Honorees of the National Medal of the Arts and Humanities were announced yesterday, marking the first time President Donald Trump has given the awards for both fields since he assumed office. The eight winners, beginning with arts honorees, are: bluegrass singer Alison Krauss, actor Jon Voight, writer James Patterson, the United States Military’s musicians, philanthropist Teresa Lozano Long, former president and CEO of Washington’s public broadcasting station Sharon Percy Rockefeller, chef Patrick O’Connell, and the conservative Claremont Institute think tank. In the past, presidents have named a dozen annual awardees for each medal.

In his ceremonial remarks, the president emphasized his friendships and personal relationships with a number of the awardees, including Patterson and Voight. In his statements about Rockefeller, he said: “Maybe I’ll start getting good publicity [from shows like] PBS NewsHour . . . They tend to be on the other side of things, a little bit. I think now I have a better chance.”

Traditionally, the National Endowment for the Humanities (NEH) and the National Council on the Arts have nominated recipients for the National Medal of the Arts, which have been bestowed since the 1980s. A National Endowment for the Arts (NEA) spokesperson told the New York Times that the process this year abided by federal regulations but would not specify whether the president selected the winners from a list of recommendations made by the agency.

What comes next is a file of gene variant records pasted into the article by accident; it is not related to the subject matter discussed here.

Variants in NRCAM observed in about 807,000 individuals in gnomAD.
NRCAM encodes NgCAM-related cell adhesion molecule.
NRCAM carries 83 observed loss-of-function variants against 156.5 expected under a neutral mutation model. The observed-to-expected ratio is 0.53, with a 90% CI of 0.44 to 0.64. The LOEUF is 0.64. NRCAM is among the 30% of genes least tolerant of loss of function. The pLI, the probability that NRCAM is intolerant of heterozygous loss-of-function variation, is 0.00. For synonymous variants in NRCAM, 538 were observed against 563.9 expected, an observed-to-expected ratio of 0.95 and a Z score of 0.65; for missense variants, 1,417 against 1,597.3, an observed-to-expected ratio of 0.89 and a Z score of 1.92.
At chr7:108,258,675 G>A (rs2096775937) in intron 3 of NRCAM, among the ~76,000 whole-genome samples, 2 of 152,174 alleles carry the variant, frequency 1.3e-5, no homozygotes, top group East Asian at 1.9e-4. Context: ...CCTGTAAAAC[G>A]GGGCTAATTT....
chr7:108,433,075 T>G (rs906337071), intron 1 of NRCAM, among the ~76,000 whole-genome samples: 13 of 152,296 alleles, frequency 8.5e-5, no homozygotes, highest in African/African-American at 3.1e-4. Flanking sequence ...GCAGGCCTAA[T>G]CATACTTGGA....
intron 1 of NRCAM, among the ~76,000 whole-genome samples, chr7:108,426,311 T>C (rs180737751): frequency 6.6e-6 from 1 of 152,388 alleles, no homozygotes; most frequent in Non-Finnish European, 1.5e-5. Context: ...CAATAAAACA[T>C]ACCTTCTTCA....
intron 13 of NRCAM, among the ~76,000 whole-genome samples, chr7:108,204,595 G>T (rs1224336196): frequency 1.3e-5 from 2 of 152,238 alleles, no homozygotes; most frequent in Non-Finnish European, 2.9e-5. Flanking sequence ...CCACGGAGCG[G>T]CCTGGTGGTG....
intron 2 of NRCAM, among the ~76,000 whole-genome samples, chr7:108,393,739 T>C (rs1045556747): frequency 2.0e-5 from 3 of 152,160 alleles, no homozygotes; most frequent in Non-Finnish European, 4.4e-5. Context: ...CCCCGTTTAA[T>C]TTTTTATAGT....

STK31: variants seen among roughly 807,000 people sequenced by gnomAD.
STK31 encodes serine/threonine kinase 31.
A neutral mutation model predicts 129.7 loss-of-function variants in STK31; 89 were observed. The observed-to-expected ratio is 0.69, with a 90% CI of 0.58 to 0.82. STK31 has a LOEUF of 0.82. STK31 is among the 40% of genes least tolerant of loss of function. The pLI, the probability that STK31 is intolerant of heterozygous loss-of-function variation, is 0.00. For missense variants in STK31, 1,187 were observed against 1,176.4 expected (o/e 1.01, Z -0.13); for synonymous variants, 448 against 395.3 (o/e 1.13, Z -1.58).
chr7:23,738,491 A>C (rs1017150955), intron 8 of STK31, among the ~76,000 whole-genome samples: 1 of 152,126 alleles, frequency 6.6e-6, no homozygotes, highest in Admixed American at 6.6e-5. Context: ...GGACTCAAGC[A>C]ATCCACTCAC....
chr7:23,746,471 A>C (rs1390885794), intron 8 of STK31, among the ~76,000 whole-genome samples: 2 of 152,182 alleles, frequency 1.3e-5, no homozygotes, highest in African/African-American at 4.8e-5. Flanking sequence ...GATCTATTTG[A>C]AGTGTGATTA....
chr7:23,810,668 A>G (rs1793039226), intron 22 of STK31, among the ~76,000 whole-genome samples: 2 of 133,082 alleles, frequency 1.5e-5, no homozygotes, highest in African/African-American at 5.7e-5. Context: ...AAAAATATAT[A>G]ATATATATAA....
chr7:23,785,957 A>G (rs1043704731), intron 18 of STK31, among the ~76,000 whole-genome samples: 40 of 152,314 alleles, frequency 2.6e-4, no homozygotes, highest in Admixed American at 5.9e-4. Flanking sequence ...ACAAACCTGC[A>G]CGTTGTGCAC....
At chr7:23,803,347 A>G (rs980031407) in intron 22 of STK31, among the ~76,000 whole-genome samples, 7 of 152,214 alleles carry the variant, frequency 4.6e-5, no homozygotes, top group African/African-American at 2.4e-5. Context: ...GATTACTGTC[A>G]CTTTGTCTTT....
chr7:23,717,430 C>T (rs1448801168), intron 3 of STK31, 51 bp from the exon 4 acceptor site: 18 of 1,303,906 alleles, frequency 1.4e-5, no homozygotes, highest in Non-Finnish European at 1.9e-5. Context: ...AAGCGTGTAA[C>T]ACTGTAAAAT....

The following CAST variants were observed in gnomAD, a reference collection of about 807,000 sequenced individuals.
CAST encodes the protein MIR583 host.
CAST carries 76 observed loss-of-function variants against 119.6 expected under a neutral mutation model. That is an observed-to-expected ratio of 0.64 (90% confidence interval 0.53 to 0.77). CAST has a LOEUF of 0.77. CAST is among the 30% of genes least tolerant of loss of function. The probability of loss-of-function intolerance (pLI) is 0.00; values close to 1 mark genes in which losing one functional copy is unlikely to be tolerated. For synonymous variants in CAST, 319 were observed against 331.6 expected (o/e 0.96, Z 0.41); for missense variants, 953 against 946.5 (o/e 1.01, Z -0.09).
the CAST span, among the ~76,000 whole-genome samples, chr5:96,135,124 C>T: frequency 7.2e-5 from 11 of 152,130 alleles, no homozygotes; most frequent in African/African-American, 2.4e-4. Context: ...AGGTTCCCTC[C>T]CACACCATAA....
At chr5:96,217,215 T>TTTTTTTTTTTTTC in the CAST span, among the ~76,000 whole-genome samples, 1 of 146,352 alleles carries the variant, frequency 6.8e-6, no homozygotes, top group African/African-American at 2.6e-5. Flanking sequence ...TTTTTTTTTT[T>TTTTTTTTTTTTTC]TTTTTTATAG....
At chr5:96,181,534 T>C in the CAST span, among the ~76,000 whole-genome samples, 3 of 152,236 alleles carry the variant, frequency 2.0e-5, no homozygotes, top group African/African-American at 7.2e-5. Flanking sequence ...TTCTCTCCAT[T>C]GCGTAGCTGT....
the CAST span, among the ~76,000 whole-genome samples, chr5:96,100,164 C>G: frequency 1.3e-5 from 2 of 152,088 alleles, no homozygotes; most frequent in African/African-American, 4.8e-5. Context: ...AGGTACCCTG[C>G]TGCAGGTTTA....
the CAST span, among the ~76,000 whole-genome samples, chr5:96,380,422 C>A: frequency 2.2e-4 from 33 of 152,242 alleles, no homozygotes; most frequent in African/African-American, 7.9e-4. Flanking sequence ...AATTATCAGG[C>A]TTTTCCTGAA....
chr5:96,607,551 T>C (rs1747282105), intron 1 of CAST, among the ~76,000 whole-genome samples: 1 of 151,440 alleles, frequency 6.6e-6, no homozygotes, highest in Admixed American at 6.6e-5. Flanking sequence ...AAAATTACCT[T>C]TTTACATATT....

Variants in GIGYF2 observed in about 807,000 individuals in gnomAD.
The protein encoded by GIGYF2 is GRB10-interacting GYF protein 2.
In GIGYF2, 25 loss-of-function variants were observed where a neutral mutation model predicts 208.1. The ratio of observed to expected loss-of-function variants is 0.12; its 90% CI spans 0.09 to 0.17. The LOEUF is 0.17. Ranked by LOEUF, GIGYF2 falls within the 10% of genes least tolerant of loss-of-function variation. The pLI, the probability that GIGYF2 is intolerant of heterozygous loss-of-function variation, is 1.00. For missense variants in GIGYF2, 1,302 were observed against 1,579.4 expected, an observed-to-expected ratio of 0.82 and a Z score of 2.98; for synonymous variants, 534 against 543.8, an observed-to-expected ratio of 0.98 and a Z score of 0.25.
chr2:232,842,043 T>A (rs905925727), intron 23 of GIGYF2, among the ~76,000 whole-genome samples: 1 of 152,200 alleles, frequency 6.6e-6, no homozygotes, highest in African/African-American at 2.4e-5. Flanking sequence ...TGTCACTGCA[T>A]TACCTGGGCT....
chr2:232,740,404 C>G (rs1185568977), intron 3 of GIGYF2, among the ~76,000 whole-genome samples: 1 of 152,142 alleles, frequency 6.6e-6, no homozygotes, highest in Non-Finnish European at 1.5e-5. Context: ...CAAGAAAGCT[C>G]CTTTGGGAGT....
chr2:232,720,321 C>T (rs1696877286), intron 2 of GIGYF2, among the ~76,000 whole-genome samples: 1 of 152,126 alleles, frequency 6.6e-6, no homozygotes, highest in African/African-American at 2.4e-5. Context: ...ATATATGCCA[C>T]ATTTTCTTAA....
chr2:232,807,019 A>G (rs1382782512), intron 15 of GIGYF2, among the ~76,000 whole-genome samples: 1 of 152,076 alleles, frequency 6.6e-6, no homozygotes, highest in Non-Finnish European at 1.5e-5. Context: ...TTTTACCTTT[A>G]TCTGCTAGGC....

Trump has tried to eliminate the NEH and the NEA since taking office in 2016. His administration’s 2020 budget proposal, unveiled in March, outlined $29 million for the NEA and $38 million for NEH—a drastic cut from the $155 million allotted by Congress for 2019—to allow for the “orderly termination of all operation over two years.” The president signed a temporary spending bill—known as a continuing resolution—yesterday to avoid a government shutdown and to continue funding federal agencies.


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